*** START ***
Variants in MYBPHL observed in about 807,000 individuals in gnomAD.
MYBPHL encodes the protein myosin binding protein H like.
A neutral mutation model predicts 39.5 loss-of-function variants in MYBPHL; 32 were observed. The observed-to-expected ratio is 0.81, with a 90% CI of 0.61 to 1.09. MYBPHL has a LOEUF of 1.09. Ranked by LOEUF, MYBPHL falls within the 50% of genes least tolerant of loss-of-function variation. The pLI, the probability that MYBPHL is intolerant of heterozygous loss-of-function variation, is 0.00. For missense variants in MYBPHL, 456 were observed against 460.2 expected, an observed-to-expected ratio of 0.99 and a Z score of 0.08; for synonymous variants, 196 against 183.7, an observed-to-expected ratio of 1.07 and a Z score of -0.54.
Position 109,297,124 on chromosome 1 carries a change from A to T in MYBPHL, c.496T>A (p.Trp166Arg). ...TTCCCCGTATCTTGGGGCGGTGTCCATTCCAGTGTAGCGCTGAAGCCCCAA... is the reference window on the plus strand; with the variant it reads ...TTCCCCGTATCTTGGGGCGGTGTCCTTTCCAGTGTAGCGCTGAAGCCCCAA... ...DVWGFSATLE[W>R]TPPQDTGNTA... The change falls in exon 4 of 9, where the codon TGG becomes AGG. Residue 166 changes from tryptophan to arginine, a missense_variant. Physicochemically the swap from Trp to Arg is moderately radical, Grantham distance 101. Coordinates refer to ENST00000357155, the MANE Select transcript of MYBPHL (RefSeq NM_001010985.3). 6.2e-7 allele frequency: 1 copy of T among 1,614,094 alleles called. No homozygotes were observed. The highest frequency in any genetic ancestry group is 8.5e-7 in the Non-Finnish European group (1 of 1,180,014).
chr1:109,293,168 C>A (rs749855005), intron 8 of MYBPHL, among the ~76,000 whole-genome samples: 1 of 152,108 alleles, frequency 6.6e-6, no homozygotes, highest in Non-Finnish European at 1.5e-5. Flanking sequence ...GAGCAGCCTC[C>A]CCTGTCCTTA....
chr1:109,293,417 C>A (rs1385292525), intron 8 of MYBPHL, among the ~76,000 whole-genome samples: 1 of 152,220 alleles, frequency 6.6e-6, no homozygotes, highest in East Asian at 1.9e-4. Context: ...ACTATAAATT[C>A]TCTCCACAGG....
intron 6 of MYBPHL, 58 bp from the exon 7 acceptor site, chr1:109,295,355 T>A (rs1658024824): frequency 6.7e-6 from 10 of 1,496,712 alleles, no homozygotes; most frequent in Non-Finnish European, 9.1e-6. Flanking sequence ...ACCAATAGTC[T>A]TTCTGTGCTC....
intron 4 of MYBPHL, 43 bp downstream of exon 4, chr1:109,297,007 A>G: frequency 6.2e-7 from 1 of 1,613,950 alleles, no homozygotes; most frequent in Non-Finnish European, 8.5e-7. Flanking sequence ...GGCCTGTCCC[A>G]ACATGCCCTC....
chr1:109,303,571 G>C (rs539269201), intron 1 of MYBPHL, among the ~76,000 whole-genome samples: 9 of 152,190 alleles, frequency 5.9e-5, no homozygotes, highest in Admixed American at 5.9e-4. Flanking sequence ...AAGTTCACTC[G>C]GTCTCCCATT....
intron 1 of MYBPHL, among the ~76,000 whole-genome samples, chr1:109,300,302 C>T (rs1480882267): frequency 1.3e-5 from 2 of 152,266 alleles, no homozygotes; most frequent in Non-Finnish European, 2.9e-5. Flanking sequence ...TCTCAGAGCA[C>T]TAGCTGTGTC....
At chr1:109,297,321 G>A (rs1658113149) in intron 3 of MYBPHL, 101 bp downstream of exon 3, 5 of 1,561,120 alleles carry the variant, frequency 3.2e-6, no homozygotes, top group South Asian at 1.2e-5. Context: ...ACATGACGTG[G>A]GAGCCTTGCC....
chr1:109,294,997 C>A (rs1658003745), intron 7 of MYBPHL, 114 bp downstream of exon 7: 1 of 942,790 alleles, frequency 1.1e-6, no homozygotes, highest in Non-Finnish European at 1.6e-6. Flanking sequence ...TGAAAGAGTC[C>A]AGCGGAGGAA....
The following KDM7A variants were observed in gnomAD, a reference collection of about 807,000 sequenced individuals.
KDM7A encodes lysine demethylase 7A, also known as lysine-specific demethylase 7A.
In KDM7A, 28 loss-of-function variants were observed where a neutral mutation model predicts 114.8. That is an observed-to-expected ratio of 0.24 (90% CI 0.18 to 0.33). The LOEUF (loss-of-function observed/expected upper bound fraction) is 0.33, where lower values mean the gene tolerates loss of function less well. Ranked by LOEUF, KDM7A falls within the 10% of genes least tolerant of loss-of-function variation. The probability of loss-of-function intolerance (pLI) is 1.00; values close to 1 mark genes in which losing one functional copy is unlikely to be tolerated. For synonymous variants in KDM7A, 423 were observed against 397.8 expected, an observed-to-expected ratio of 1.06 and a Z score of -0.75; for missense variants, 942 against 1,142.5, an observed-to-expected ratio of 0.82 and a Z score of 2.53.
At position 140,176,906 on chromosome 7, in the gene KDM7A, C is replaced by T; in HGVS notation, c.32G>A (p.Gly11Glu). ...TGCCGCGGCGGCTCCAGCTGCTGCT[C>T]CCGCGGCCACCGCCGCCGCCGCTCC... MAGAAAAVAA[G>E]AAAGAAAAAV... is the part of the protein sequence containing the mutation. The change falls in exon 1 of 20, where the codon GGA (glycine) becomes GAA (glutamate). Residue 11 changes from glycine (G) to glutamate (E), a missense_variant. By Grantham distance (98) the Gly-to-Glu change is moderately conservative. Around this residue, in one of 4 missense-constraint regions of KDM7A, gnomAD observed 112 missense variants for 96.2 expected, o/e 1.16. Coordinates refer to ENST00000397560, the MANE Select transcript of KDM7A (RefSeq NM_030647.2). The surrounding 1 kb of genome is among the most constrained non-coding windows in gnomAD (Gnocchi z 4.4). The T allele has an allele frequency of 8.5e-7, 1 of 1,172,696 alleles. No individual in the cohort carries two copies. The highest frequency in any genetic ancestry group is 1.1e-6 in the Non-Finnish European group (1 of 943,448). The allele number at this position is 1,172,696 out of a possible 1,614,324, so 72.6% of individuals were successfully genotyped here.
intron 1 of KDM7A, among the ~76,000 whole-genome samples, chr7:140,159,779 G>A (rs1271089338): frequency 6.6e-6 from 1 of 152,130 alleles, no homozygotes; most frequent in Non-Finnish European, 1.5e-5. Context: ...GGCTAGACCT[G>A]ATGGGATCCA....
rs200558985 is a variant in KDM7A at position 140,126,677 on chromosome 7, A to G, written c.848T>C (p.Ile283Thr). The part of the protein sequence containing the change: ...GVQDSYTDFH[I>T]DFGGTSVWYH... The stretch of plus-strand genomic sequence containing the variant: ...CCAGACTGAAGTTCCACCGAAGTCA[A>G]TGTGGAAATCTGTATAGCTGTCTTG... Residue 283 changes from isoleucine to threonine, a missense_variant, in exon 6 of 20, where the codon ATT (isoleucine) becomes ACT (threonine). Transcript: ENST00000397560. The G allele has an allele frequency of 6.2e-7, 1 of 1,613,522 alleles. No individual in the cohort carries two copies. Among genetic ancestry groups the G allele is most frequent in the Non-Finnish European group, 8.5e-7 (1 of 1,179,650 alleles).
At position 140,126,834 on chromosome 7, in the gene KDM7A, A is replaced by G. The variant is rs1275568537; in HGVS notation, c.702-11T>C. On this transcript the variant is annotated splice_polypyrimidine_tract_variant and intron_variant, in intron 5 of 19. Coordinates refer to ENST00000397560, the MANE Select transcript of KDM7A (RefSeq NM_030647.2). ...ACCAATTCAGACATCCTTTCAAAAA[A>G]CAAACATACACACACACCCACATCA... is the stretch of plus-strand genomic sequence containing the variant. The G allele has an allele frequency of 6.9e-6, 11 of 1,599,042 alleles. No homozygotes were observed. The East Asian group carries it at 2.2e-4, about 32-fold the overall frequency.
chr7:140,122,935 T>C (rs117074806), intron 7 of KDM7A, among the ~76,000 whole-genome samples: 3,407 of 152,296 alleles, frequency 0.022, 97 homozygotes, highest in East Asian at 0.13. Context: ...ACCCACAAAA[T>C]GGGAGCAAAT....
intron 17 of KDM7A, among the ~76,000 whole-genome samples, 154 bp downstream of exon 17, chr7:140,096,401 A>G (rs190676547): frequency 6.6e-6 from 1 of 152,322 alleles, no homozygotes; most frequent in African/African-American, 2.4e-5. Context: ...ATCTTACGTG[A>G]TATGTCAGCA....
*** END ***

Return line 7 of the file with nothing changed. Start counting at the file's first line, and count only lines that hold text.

intron 6 of MYBPHL, 58 bp from the exon 7 acceptor site, chr1:109,295,355 T>A (rs1658024824): frequency 6.7e-6 from 10 of 1,496,712 alleles, no homozygotes; most frequent in Non-Finnish European, 9.1e-6. Flanking sequence ...ACCAATAGTC[T>A]TTCTGTGCTC....